So far, biweekly trash pick-up is working for me. But the holidays are coming, and I'm pretty sure the Styrofoam from an Xbox would fill my whole trash bin. Is there any way to get rid of all that Christmas-morning packaging? 

—Santa Crass

I hate to be the bearer of bad tidings, Santa, but when it comes to disposing of what is more properly known as expanded polystyrene, you (and the rest of the planet) are pretty much ho-ho-hosed.

It's not just that you can't bung it into your curbside recycling bin—you can't even take it to the dump. Metro's Jim Middaugh knew of only two places citywide that recycle block Styrofoam (though not the peanuts), and neither of them is a Metro transfer station: Total Reclaim, on Northeast Columbia Boulevard, and Recology's Southeast Foster Road location will both take it off your hands for around $5 a carload.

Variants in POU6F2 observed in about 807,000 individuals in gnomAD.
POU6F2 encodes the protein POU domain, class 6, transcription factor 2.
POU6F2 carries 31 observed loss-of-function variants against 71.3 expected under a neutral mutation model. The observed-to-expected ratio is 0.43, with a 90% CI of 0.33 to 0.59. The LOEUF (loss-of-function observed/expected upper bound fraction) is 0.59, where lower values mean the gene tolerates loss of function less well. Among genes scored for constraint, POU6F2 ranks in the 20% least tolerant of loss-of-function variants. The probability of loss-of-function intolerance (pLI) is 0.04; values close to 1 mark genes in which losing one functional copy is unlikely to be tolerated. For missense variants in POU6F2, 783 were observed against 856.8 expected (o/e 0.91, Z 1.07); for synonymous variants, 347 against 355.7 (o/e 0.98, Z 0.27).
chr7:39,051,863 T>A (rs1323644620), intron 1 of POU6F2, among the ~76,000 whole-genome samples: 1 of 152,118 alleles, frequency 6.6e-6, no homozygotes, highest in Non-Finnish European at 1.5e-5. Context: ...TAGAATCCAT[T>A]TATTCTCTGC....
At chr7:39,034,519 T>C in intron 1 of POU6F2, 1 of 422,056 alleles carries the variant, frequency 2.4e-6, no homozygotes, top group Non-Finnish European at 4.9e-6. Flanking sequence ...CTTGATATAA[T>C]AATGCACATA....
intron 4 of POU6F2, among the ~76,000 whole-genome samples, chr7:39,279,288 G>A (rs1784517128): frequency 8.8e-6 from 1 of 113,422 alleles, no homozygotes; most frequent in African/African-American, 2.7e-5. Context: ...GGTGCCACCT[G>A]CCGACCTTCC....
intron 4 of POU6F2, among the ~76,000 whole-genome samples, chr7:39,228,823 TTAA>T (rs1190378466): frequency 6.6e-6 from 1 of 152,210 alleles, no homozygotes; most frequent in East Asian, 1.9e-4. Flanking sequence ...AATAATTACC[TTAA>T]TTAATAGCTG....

Mind you, even these places don't actually recycle the stuff. "The machinery [to process it] is expensive," Middaugh says. "It either goes to California or it's shipped overseas."

I don't wish to cast aspersions on the environmental practices of our foreign partners, but there's something about the reassurance "we shipped it overseas to be responsibly recycled" that smacks of "we gave Bandit to a nice farm family."

Moreover, in researching the question of precisely how Styrofoam is recycled, I was struck by how frequently the answer came in the context of "who can banish it from my sight?" and how rarely any mention was made of what actually happens to it.

The truth is, Styrofoam can't really be recycled. It can only be "downcycled" into other non-recyclable crap, or cooked down into a less-bulky form of waste. It seems this Christmas may bring many Portlanders a more visceral understanding of this problem.